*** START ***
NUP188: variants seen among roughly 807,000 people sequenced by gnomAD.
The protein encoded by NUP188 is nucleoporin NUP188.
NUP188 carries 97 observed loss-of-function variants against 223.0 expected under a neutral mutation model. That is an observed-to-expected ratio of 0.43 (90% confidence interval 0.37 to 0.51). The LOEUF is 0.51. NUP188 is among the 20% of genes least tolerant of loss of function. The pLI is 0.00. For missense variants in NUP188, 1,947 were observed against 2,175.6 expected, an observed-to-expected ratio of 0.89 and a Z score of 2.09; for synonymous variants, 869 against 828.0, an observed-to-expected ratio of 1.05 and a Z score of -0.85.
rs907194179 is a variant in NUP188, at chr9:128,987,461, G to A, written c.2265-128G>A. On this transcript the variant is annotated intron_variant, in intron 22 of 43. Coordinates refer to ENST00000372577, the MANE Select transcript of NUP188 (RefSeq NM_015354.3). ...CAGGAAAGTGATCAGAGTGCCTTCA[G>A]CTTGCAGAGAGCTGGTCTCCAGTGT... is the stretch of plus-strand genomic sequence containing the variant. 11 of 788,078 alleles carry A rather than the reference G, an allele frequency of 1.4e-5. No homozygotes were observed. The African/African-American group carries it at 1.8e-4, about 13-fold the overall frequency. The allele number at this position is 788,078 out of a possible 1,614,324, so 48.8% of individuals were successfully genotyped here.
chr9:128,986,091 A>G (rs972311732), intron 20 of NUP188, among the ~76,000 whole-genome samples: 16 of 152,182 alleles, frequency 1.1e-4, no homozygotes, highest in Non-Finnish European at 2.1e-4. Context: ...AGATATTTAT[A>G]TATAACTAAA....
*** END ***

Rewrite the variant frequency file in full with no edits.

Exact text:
NUP188: variants seen among roughly 807,000 people sequenced by gnomAD.
The protein encoded by NUP188 is nucleoporin NUP188.
NUP188 carries 97 observed loss-of-function variants against 223.0 expected under a neutral mutation model. That is an observed-to-expected ratio of 0.43 (90% confidence interval 0.37 to 0.51). The LOEUF is 0.51. NUP188 is among the 20% of genes least tolerant of loss of function. The pLI is 0.00. For missense variants in NUP188, 1,947 were observed against 2,175.6 expected, an observed-to-expected ratio of 0.89 and a Z score of 2.09; for synonymous variants, 869 against 828.0, an observed-to-expected ratio of 1.05 and a Z score of -0.85.
rs907194179 is a variant in NUP188, at chr9:128,987,461, G to A, written c.2265-128G>A. On this transcript the variant is annotated intron_variant, in intron 22 of 43. Coordinates refer to ENST00000372577, the MANE Select transcript of NUP188 (RefSeq NM_015354.3). ...CAGGAAAGTGATCAGAGTGCCTTCA[G>A]CTTGCAGAGAGCTGGTCTCCAGTGT... is the stretch of plus-strand genomic sequence containing the variant. 11 of 788,078 alleles carry A rather than the reference G, an allele frequency of 1.4e-5. No homozygotes were observed. The African/African-American group carries it at 1.8e-4, about 13-fold the overall frequency. The allele number at this position is 788,078 out of a possible 1,614,324, so 48.8% of individuals were successfully genotyped here.
chr9:128,986,091 A>G (rs972311732), intron 20 of NUP188, among the ~76,000 whole-genome samples: 16 of 152,182 alleles, frequency 1.1e-4, no homozygotes, highest in Non-Finnish European at 2.1e-4. Context: ...AGATATTTAT[A>G]TATAACTAAA....